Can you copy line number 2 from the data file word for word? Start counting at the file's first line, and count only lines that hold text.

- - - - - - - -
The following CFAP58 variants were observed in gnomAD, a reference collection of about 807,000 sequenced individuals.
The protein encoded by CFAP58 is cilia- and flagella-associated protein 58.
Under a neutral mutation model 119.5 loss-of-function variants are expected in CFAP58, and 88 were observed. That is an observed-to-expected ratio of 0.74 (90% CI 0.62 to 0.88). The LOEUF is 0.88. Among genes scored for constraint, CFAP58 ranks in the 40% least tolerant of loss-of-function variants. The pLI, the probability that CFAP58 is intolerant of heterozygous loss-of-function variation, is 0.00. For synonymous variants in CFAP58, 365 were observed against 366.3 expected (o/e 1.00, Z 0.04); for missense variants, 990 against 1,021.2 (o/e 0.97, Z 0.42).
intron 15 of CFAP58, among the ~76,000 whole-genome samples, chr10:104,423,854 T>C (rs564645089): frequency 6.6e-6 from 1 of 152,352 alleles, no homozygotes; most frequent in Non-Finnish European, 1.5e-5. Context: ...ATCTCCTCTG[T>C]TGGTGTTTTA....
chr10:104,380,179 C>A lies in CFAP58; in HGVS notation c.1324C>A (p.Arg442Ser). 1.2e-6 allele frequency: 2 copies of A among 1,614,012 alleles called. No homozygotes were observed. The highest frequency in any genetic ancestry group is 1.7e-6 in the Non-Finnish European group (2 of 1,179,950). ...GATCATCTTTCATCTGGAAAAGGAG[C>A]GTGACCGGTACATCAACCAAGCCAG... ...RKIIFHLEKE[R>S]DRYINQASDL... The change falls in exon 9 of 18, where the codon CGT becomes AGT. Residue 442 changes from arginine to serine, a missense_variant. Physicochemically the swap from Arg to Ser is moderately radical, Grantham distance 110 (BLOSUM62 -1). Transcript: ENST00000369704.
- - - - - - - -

The protein encoded by CFAP58 is cilia- and flagella-associated protein 58.